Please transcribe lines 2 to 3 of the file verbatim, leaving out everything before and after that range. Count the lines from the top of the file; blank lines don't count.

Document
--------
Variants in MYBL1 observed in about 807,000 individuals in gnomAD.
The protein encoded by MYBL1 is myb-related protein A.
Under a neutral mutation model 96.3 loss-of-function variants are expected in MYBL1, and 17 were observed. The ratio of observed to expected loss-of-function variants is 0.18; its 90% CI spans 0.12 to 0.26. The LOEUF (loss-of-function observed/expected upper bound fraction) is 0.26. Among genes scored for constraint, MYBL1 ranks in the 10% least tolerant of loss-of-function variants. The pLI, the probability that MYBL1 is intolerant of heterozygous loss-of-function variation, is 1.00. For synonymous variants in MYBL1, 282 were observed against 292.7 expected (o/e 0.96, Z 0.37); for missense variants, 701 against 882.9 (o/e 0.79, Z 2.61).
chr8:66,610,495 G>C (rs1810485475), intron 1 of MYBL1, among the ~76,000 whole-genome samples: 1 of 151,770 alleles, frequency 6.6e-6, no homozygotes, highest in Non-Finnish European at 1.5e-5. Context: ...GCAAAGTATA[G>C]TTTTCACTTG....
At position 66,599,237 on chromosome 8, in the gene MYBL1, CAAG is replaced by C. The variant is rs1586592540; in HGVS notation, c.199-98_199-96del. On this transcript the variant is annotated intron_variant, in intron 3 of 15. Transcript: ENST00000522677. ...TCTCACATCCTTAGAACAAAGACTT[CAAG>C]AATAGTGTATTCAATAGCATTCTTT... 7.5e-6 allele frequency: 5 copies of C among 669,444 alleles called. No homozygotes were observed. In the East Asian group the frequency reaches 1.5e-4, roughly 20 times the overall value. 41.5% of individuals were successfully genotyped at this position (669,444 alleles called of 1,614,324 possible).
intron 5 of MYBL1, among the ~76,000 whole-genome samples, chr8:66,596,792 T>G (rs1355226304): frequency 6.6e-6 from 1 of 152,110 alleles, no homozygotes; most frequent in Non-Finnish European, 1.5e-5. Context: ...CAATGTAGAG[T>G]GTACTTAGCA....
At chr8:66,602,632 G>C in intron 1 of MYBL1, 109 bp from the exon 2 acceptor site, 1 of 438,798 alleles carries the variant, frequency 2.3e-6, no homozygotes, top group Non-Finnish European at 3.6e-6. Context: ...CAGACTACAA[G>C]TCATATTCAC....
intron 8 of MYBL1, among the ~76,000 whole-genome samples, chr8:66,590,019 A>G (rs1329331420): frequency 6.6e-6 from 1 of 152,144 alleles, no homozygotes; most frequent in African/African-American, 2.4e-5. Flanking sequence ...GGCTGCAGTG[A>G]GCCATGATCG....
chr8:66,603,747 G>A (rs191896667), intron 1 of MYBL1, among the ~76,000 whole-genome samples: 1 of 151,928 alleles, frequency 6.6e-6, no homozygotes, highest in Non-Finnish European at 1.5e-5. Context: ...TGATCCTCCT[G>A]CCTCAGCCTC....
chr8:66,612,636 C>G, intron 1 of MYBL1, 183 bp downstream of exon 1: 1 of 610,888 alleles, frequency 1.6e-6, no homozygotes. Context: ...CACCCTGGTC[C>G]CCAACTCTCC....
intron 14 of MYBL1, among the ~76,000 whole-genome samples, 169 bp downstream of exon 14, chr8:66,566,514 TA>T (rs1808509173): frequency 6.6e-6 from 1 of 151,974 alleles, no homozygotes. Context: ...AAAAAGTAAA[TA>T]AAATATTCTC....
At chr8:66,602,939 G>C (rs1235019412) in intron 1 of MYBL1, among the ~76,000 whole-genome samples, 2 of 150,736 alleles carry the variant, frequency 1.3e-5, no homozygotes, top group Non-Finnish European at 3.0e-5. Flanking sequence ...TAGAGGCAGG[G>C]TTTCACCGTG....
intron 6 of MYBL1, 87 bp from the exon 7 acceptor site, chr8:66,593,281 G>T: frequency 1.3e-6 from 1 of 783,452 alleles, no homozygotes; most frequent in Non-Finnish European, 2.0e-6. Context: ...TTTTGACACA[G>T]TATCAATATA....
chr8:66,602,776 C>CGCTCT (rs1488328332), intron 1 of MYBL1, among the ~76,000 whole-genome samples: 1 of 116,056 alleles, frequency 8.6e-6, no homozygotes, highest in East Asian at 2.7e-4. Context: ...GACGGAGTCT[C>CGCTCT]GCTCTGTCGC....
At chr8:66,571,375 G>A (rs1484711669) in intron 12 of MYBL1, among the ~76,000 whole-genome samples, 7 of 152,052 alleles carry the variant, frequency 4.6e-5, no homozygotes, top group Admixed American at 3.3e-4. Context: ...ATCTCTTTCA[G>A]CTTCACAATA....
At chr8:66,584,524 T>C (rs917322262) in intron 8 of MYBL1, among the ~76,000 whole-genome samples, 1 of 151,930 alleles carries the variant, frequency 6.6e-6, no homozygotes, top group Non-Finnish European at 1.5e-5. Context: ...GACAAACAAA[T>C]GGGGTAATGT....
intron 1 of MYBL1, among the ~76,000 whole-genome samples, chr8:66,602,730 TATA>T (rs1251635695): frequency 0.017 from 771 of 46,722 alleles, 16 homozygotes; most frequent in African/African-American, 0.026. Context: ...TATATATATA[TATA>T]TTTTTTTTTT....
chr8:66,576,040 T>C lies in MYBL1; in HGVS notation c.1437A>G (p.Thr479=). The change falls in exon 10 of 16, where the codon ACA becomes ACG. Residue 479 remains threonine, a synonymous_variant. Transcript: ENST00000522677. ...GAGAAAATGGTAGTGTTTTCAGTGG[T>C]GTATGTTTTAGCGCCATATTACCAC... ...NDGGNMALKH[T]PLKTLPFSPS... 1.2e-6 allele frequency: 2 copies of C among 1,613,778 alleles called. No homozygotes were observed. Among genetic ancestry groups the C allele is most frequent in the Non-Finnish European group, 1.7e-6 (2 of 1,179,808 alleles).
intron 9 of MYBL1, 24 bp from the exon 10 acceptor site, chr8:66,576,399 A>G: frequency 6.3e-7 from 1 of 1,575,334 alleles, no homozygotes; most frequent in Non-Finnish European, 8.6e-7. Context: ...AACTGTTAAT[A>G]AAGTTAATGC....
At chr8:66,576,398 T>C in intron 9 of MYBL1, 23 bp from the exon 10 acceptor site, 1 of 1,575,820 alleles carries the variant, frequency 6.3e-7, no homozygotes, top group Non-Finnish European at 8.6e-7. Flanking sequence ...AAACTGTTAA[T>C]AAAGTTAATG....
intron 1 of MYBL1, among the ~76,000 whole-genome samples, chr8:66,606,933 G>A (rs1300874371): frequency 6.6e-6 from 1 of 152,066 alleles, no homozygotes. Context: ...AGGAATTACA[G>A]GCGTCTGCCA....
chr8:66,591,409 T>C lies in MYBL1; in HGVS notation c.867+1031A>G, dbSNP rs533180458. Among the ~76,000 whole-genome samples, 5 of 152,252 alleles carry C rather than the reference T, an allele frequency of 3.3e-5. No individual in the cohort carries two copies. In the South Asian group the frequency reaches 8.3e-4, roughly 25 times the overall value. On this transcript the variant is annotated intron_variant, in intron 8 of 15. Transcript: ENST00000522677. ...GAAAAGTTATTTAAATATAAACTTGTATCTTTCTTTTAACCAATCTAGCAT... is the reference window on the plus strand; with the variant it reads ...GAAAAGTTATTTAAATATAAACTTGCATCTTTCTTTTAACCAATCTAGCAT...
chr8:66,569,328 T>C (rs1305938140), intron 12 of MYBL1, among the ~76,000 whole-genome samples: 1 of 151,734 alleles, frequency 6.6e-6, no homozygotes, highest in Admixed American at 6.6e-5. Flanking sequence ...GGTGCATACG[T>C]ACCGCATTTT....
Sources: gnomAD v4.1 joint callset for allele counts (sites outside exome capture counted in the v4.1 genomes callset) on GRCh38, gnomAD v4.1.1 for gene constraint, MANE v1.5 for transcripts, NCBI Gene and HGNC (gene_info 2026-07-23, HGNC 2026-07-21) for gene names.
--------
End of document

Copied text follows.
The protein encoded by MYBL1 is myb-related protein A.
Under a neutral mutation model 96.3 loss-of-function variants are expected in MYBL1, and 17 were observed. The ratio of observed to expected loss-of-function variants is 0.18; its 90% CI spans 0.12 to 0.26. The LOEUF (loss-of-function observed/expected upper bound fraction) is 0.26. Among genes scored for constraint, MYBL1 ranks in the 10% least tolerant of loss-of-function variants. The pLI, the probability that MYBL1 is intolerant of heterozygous loss-of-function variation, is 1.00. For synonymous variants in MYBL1, 282 were observed against 292.7 expected (o/e 0.96, Z 0.37); for missense variants, 701 against 882.9 (o/e 0.79, Z 2.61).